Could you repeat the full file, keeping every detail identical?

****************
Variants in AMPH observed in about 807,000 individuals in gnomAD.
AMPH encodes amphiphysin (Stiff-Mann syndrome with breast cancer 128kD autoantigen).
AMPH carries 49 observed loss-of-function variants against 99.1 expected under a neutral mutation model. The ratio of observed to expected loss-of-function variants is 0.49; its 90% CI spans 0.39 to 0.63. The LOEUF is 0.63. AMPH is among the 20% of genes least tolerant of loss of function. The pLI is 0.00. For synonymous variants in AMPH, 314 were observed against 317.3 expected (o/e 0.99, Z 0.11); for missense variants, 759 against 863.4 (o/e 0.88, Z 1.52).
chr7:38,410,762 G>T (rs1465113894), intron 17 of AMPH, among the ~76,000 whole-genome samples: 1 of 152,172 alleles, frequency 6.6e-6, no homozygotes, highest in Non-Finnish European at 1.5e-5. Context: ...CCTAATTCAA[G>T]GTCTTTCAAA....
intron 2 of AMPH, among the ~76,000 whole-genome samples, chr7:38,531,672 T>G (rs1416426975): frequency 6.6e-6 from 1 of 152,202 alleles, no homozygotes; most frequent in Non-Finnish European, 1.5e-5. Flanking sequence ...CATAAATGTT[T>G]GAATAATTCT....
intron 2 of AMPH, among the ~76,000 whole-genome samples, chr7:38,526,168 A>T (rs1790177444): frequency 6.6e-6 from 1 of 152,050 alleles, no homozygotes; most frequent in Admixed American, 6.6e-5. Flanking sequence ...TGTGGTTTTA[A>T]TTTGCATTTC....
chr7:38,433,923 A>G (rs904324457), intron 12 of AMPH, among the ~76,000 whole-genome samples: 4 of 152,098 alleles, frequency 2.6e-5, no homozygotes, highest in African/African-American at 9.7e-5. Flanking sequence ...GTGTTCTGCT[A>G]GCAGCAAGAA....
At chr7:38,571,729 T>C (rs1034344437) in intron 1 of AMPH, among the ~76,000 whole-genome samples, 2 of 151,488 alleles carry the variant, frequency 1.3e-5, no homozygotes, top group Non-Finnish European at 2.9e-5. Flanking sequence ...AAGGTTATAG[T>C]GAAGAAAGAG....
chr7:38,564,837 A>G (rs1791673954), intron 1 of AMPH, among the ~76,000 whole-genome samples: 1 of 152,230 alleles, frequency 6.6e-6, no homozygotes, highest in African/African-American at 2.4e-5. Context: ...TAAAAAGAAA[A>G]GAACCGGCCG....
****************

Variants in AMPH observed in about 807,000 individuals in gnomAD.
AMPH encodes amphiphysin (Stiff-Mann syndrome with breast cancer 128kD autoantigen).
AMPH carries 49 observed loss-of-function variants against 99.1 expected under a neutral mutation model. The ratio of observed to expected loss-of-function variants is 0.49; its 90% CI spans 0.39 to 0.63. The LOEUF is 0.63. AMPH is among the 20% of genes least tolerant of loss of function. The pLI is 0.00. For synonymous variants in AMPH, 314 were observed against 317.3 expected (o/e 0.99, Z 0.11); for missense variants, 759 against 863.4 (o/e 0.88, Z 1.52).
chr7:38,410,762 G>T (rs1465113894), intron 17 of AMPH, among the ~76,000 whole-genome samples: 1 of 152,172 alleles, frequency 6.6e-6, no homozygotes, highest in Non-Finnish European at 1.5e-5. Context: ...CCTAATTCAA[G>T]GTCTTTCAAA....
intron 2 of AMPH, among the ~76,000 whole-genome samples, chr7:38,531,672 T>G (rs1416426975): frequency 6.6e-6 from 1 of 152,202 alleles, no homozygotes; most frequent in Non-Finnish European, 1.5e-5. Flanking sequence ...CATAAATGTT[T>G]GAATAATTCT....
intron 2 of AMPH, among the ~76,000 whole-genome samples, chr7:38,526,168 A>T (rs1790177444): frequency 6.6e-6 from 1 of 152,050 alleles, no homozygotes; most frequent in Admixed American, 6.6e-5. Flanking sequence ...TGTGGTTTTA[A>T]TTTGCATTTC....
chr7:38,433,923 A>G (rs904324457), intron 12 of AMPH, among the ~76,000 whole-genome samples: 4 of 152,098 alleles, frequency 2.6e-5, no homozygotes, highest in African/African-American at 9.7e-5. Flanking sequence ...GTGTTCTGCT[A>G]GCAGCAAGAA....
At chr7:38,571,729 T>C (rs1034344437) in intron 1 of AMPH, among the ~76,000 whole-genome samples, 2 of 151,488 alleles carry the variant, frequency 1.3e-5, no homozygotes, top group Non-Finnish European at 2.9e-5. Flanking sequence ...AAGGTTATAG[T>C]GAAGAAAGAG....
chr7:38,564,837 A>G (rs1791673954), intron 1 of AMPH, among the ~76,000 whole-genome samples: 1 of 152,230 alleles, frequency 6.6e-6, no homozygotes, highest in African/African-American at 2.4e-5. Context: ...TAAAAAGAAA[A>G]GAACCGGCCG....